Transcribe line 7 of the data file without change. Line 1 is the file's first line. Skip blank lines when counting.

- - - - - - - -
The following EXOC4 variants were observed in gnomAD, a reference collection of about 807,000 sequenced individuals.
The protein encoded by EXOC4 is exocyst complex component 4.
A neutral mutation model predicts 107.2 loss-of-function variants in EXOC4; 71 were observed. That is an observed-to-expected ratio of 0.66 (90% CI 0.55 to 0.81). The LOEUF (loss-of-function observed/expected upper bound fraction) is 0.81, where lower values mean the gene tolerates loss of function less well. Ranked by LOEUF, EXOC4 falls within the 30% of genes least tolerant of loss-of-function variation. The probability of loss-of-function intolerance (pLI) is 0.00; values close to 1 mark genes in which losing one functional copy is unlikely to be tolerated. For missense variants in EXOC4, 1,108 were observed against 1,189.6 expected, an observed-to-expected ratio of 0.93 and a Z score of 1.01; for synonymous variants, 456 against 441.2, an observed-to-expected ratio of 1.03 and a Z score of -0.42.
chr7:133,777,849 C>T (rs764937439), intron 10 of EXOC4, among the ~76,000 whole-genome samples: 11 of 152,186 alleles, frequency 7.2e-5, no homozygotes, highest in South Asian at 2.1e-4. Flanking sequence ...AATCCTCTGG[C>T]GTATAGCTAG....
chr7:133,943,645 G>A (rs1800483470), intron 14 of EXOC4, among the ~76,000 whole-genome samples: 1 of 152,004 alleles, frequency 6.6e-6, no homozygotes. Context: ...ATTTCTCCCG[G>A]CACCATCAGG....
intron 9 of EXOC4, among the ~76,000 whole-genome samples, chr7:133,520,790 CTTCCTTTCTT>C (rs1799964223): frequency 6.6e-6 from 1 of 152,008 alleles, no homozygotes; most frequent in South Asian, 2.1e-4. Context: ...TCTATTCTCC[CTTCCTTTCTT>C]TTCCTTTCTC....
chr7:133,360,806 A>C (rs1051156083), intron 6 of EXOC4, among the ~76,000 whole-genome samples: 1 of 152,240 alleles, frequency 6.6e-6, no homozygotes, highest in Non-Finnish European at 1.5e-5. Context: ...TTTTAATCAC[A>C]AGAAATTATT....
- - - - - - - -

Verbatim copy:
chr7:133,360,806 A>C (rs1051156083), intron 6 of EXOC4, among the ~76,000 whole-genome samples: 1 of 152,240 alleles, frequency 6.6e-6, no homozygotes, highest in Non-Finnish European at 1.5e-5. Context: ...TTTTAATCAC[A>C]AGAAATTATT....